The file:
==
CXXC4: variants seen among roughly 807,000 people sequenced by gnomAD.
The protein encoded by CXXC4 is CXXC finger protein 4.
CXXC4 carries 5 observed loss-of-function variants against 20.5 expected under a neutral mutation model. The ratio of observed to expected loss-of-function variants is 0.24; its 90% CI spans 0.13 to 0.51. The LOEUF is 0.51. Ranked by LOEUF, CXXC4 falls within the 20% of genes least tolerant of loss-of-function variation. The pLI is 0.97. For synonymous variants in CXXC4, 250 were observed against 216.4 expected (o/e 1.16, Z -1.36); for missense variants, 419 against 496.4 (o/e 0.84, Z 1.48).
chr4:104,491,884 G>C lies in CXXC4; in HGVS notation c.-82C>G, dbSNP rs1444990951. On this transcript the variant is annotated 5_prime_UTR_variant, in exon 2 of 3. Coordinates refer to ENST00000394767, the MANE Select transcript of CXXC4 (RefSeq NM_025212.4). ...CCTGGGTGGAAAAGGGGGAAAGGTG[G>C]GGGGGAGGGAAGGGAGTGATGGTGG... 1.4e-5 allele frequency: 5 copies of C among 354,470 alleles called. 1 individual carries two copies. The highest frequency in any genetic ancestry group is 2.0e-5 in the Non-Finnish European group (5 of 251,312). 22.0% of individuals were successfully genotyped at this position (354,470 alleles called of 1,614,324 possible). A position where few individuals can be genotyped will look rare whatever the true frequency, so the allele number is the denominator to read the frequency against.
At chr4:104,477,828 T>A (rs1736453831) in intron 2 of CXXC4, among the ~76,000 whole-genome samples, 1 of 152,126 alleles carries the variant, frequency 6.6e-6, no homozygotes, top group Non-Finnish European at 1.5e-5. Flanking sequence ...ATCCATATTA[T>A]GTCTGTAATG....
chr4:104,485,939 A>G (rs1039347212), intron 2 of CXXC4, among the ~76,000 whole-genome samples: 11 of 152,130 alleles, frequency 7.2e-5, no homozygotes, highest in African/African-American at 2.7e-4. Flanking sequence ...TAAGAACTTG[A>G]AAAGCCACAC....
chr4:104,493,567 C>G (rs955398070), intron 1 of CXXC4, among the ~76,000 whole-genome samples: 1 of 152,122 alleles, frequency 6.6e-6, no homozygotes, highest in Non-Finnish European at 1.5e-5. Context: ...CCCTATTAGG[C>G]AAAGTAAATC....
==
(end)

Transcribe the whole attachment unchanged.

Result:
CXXC4: variants seen among roughly 807,000 people sequenced by gnomAD.
The protein encoded by CXXC4 is CXXC finger protein 4.
CXXC4 carries 5 observed loss-of-function variants against 20.5 expected under a neutral mutation model. The ratio of observed to expected loss-of-function variants is 0.24; its 90% CI spans 0.13 to 0.51. The LOEUF is 0.51. Ranked by LOEUF, CXXC4 falls within the 20% of genes least tolerant of loss-of-function variation. The pLI is 0.97. For synonymous variants in CXXC4, 250 were observed against 216.4 expected (o/e 1.16, Z -1.36); for missense variants, 419 against 496.4 (o/e 0.84, Z 1.48).
chr4:104,491,884 G>C lies in CXXC4; in HGVS notation c.-82C>G, dbSNP rs1444990951. On this transcript the variant is annotated 5_prime_UTR_variant, in exon 2 of 3. Coordinates refer to ENST00000394767, the MANE Select transcript of CXXC4 (RefSeq NM_025212.4). ...CCTGGGTGGAAAAGGGGGAAAGGTG[G>C]GGGGGAGGGAAGGGAGTGATGGTGG... 1.4e-5 allele frequency: 5 copies of C among 354,470 alleles called. 1 individual carries two copies. The highest frequency in any genetic ancestry group is 2.0e-5 in the Non-Finnish European group (5 of 251,312). 22.0% of individuals were successfully genotyped at this position (354,470 alleles called of 1,614,324 possible). A position where few individuals can be genotyped will look rare whatever the true frequency, so the allele number is the denominator to read the frequency against.
At chr4:104,477,828 T>A (rs1736453831) in intron 2 of CXXC4, among the ~76,000 whole-genome samples, 1 of 152,126 alleles carries the variant, frequency 6.6e-6, no homozygotes, top group Non-Finnish European at 1.5e-5. Flanking sequence ...ATCCATATTA[T>A]GTCTGTAATG....
chr4:104,485,939 A>G (rs1039347212), intron 2 of CXXC4, among the ~76,000 whole-genome samples: 11 of 152,130 alleles, frequency 7.2e-5, no homozygotes, highest in African/African-American at 2.7e-4. Flanking sequence ...TAAGAACTTG[A>G]AAAGCCACAC....
chr4:104,493,567 C>G (rs955398070), intron 1 of CXXC4, among the ~76,000 whole-genome samples: 1 of 152,122 alleles, frequency 6.6e-6, no homozygotes, highest in Non-Finnish European at 1.5e-5. Context: ...CCCTATTAGG[C>G]AAAGTAAATC....